By: Dariana Taveras
Should we have sent that text because we really wanted to make things right… or should we have waited for that individual to be the bigger person and apologize? Should we have wasted 45 minutes mindlessly scrolling through our News Feed, liking every picture and sharing that relevant blog post or… should we have gone to the gym instead? Should we search for a new job opportunity? Should we have saved some more money each week to someday buy the home of our dreams or should we continue to foolishly spend our money at the local bar? Should we apply to our dream university or perhaps chose a different career path? Should we have married our spouse or should we have waited for a better partner? Time and time again, the answer seems to be maybe. Maybe we should do this… or maybe we should have done that.
Occasionally, uncertainty revolves around the choices we make. We yearn to know what is coming next, leaving the unexpected quite unwelcome. We seem to have an overarching desire to know that the results we hope for will take effect. In turn, we often tend to associate uncertainty with fear and hopelessness. We quickly begin to dread the unanticipated instead of embracing the potentially positive opportunities that may arise. Instead of merely being a matter of indecision, it may quickly turn out to be a form of obsessive doubting.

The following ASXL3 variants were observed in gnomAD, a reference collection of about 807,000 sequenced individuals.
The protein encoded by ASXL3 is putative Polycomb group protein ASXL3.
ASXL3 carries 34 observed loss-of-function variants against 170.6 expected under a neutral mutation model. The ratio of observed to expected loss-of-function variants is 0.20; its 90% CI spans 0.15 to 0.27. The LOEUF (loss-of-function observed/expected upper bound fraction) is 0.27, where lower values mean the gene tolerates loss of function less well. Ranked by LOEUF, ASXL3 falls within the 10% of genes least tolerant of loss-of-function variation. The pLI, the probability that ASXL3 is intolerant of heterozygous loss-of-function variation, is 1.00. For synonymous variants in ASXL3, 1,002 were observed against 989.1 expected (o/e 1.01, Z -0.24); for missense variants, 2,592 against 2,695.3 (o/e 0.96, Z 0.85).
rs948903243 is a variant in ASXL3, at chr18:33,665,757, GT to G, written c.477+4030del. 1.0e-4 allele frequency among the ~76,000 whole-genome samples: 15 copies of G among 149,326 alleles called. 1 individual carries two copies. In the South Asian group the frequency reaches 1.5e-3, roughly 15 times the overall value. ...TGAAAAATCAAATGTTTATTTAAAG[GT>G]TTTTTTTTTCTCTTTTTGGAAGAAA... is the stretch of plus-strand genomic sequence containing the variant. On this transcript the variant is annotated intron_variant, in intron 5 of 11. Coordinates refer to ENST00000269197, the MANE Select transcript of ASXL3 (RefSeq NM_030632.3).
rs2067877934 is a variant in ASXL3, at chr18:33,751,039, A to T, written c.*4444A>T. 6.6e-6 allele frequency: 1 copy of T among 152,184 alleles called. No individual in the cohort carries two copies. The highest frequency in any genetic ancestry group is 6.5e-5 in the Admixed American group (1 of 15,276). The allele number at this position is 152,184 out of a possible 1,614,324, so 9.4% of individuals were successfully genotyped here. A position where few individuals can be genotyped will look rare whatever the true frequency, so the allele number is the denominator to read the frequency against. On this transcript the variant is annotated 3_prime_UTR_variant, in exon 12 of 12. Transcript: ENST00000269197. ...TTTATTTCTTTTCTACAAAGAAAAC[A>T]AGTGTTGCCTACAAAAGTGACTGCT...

It is important to remember that within the unknown there may be an incredibly rich sea of options that allows a freedom of choices beyond our immediate recognition. The idea of “maybe” suggests that every single experience and situation may render endless possibilities. It is also possible that whatever circumstance we face will work out in our favor or bring new solutions. The key is to expand our minds so that we may truly embrace all that is or may be.
If you are concerned that you or anyone you care about may feel conflicted or riddled with indecisiveness or obsessive doubting, the licensed professionals at Arista Counseling&Psychotherapy can assist you. Contact our Bergen County, NJ or Manhattan offices of psychologists, psychiatrists, and psychotherapists at (201) 368-3700 or (212) 722-1920 to set up an appointment. Visit http://www.acenterfortherapy.com for more information.